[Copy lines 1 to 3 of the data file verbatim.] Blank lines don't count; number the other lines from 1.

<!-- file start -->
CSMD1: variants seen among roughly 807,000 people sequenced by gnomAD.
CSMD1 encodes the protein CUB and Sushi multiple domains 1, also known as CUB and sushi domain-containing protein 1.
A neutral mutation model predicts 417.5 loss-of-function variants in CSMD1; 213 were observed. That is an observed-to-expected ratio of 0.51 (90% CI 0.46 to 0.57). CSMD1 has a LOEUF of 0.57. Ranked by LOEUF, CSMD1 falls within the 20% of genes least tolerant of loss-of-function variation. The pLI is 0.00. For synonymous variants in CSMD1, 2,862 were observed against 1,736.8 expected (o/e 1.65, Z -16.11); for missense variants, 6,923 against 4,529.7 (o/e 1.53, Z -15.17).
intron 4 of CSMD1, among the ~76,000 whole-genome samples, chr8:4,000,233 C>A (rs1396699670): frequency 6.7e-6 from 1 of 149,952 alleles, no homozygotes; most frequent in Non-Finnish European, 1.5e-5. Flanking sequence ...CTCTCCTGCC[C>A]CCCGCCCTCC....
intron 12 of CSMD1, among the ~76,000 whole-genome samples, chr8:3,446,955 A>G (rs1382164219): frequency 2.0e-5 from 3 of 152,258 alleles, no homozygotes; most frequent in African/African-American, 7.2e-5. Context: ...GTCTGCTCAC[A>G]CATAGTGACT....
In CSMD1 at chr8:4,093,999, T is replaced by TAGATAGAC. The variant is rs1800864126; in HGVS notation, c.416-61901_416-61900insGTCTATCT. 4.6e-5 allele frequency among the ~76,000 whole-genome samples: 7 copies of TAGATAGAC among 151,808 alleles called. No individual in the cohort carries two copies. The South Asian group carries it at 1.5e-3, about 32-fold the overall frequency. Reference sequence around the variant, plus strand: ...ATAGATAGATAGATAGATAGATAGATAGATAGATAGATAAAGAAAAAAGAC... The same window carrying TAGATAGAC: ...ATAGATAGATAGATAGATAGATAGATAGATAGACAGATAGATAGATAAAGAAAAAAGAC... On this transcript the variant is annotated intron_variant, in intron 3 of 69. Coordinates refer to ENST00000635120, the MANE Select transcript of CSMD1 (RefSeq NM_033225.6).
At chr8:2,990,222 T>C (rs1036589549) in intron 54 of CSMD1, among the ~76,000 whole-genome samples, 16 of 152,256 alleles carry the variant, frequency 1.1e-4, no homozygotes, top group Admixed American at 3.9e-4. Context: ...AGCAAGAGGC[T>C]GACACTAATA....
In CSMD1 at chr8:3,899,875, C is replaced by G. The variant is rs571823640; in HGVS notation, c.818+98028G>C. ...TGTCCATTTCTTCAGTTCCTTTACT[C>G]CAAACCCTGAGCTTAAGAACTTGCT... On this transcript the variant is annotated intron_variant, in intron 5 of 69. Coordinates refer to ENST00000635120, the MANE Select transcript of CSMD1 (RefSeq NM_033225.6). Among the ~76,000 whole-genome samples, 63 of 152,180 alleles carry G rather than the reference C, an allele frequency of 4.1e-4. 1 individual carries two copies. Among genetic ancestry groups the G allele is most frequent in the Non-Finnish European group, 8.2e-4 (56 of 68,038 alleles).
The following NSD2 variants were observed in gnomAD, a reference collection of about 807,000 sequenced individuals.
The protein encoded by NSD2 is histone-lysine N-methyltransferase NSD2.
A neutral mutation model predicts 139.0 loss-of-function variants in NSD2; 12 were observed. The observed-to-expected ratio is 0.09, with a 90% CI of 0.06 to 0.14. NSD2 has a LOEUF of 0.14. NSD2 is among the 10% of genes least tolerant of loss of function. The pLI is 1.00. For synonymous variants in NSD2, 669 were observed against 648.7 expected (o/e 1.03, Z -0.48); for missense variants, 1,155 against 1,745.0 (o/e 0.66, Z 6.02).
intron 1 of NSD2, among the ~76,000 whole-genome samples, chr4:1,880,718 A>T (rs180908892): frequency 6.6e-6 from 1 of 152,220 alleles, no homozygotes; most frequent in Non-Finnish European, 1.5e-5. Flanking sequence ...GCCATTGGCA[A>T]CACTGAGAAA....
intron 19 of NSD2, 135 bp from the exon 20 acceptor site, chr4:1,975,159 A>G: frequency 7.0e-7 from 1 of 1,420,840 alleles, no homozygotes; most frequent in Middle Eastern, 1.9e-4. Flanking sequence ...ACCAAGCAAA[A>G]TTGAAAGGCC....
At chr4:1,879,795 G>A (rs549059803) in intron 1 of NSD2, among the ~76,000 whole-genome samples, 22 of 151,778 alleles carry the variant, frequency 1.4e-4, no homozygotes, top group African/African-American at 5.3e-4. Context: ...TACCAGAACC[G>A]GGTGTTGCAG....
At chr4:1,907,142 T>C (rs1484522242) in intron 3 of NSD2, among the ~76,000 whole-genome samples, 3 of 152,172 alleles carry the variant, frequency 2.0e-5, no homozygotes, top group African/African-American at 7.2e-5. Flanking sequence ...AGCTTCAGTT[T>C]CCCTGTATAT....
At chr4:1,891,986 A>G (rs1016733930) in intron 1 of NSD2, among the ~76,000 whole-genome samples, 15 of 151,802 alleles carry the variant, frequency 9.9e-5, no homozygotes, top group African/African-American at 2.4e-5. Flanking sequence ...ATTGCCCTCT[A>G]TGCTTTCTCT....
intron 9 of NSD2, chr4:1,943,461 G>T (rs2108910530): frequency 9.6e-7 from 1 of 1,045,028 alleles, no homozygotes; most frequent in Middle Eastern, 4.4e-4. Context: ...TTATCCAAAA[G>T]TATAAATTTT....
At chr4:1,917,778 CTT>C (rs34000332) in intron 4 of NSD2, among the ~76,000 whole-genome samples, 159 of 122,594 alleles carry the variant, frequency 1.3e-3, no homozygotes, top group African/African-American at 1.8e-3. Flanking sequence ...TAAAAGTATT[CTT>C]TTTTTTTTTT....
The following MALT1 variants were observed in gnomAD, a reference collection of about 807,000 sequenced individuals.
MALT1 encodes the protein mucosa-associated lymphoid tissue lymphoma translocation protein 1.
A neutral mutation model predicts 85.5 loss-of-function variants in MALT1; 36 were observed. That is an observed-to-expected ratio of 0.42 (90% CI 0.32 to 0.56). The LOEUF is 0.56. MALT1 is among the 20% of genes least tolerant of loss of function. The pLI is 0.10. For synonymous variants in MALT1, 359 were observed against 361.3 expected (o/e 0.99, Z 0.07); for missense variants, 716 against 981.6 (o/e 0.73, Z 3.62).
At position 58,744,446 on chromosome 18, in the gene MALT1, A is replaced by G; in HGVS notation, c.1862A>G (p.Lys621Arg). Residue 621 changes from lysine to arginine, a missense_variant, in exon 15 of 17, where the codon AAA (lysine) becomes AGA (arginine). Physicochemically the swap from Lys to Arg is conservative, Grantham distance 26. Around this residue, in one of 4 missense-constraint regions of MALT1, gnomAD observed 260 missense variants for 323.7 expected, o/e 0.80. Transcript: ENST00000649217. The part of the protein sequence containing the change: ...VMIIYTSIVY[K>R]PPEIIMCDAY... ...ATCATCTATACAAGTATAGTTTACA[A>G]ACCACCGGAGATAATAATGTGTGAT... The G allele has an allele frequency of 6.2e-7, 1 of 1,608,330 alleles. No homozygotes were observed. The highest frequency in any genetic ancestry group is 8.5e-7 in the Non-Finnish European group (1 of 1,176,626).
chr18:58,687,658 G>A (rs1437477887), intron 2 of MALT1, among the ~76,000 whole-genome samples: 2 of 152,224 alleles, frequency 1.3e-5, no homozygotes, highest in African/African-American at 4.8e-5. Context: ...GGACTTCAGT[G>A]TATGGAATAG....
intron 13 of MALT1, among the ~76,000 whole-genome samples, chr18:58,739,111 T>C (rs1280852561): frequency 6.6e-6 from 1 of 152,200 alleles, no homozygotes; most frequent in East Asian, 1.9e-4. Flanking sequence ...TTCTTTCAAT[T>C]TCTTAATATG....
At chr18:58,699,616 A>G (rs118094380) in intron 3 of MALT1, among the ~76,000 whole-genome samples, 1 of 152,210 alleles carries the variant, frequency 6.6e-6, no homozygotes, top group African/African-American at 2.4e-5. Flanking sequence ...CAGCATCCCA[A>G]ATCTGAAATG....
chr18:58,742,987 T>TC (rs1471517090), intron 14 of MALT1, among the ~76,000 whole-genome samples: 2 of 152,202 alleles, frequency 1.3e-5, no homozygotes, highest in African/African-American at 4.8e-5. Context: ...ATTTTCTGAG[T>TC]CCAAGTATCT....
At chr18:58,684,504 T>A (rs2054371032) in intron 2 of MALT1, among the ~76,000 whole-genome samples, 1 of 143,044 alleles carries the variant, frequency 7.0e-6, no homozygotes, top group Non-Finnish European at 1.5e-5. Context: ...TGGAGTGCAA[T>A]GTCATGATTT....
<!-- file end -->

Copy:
CSMD1: variants seen among roughly 807,000 people sequenced by gnomAD.
CSMD1 encodes the protein CUB and Sushi multiple domains 1, also known as CUB and sushi domain-containing protein 1.
A neutral mutation model predicts 417.5 loss-of-function variants in CSMD1; 213 were observed. That is an observed-to-expected ratio of 0.51 (90% CI 0.46 to 0.57). CSMD1 has a LOEUF of 0.57. Ranked by LOEUF, CSMD1 falls within the 20% of genes least tolerant of loss-of-function variation. The pLI is 0.00. For synonymous variants in CSMD1, 2,862 were observed against 1,736.8 expected (o/e 1.65, Z -16.11); for missense variants, 6,923 against 4,529.7 (o/e 1.53, Z -15.17).